steepholm (steepholm) wrote,
steepholm
steepholm

Sour Grapes on St Helena

I just happened serendipitously upon this 1816 quotation from Napoleon's St Helena memoir:

Mr. Pitt was the master of European politics; in his hands, he held the moral destiny of nations; he ill used his power; he set the world ablaze and he will be remembered in history like Herostratus amid the flames, the laments, the tears...

First, the initial sparks of our Revolution, then all the opposition to our national will and, finally, all the horrid crimes that resulted, are his doing. This universal conflagration for 25 years and the numerous coalitions that maintained it; the upheaval and devastation of the nations of Europe and the rivers of blood that resulted; the appalling debt of England which paid for it all; the foul system of loans that cripples our economies; the universal discontent of today; all of that was brought about by him. History will recognize him for the curse he truly was. This man, who was so exalted in his day, will one day be viewed as the incarnation of evil… But history will most reproach Mr. Pitt for the vile legacy he left after him: his unscrupulous Machiavellianism, his utter immorality, his cold, selfish nature, his contempt for justice and men’s fortunes.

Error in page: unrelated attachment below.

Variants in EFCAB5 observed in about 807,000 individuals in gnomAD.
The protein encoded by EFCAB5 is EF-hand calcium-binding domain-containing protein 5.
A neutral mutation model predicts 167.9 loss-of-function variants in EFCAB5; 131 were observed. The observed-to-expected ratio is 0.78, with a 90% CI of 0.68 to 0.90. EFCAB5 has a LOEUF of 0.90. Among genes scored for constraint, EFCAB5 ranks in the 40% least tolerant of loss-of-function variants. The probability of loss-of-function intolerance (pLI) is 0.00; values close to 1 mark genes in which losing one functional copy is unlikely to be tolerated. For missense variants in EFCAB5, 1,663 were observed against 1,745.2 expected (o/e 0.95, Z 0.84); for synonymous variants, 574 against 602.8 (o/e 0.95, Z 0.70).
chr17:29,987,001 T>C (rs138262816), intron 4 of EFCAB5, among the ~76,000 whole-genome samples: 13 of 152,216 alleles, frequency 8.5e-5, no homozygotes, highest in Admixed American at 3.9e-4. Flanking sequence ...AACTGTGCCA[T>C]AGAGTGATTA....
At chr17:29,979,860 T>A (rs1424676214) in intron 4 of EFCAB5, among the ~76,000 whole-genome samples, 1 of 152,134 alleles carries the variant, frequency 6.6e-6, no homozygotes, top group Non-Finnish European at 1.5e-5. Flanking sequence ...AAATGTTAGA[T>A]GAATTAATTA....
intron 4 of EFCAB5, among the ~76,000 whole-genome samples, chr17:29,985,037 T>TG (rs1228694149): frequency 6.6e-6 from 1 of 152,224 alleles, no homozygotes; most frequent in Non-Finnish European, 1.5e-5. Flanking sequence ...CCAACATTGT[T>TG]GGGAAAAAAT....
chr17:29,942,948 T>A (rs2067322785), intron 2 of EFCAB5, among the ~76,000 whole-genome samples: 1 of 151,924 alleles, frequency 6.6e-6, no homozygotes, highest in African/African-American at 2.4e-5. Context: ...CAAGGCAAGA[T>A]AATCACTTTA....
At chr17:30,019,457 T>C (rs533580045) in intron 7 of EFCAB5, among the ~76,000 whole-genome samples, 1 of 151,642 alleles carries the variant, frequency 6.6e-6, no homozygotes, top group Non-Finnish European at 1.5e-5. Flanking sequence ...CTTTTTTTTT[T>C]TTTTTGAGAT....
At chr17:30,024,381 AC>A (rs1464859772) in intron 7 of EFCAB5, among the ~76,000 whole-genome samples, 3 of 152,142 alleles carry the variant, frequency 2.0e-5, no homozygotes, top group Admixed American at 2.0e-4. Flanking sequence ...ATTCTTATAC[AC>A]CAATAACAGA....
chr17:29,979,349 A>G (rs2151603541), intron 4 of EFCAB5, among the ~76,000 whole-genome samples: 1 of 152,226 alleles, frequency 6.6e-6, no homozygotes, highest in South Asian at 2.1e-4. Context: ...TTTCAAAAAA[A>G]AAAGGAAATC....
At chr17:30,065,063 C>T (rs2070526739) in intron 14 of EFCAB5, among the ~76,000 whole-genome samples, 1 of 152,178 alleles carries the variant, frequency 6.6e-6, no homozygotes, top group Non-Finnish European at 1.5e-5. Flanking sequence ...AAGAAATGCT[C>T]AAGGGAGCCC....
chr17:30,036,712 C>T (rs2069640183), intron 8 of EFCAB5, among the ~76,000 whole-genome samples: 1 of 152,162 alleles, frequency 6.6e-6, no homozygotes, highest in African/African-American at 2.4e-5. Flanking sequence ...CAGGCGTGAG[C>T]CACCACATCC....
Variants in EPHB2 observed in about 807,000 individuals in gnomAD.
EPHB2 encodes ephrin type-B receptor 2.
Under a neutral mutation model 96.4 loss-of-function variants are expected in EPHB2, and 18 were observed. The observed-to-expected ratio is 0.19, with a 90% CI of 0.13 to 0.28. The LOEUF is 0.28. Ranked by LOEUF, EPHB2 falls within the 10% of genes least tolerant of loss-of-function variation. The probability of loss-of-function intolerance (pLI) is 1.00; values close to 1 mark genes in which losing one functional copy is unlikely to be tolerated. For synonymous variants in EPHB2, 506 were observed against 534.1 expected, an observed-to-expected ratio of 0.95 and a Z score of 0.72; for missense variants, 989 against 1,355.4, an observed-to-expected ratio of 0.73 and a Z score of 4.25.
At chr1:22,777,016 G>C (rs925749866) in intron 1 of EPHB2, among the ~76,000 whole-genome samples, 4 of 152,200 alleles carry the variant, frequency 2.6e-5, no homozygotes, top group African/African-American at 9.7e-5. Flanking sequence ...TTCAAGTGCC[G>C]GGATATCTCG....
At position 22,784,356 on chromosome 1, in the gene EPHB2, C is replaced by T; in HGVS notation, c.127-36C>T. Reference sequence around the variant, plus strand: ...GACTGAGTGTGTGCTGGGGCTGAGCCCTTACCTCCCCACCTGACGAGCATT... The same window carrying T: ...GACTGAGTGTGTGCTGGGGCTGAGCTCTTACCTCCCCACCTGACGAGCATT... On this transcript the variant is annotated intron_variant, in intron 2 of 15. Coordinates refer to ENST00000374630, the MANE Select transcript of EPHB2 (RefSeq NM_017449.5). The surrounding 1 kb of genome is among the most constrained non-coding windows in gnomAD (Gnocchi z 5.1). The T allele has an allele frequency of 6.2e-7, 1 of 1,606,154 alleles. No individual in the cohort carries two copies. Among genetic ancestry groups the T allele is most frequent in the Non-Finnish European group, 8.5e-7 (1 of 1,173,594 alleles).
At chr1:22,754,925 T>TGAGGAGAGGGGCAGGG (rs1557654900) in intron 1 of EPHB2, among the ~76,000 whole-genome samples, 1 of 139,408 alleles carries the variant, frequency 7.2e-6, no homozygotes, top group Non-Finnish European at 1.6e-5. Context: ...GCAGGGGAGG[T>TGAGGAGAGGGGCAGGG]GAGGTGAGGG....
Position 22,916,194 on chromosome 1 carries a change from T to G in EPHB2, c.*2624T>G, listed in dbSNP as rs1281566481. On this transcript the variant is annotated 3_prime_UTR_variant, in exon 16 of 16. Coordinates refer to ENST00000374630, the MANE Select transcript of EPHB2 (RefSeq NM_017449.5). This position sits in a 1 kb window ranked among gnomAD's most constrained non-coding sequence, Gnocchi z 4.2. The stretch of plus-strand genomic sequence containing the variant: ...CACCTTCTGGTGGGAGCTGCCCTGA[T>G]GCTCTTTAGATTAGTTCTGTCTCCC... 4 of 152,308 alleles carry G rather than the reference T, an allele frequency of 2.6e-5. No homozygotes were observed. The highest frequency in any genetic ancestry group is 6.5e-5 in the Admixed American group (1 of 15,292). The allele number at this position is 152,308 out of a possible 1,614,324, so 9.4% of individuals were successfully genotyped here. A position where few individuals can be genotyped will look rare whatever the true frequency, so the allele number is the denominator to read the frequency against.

Jeez! What a sore loser! I'm no expert in that period of history, but I could have sworn that quite a few of those things had to do with Mr B himself.

Napoleon's not alone in this, but there's nothing that puts me off a tyrant more than this whiny "He started it!" attitude. Why can't they just say "Bwa ha ha!" like they're meant to and, if defeated, mutter something like "You may have won this battle, but next time, victory will be mine!"? (Napoleon may well have said just this on Elba, but history appears not to have recorded it.)
Tags: maunderings
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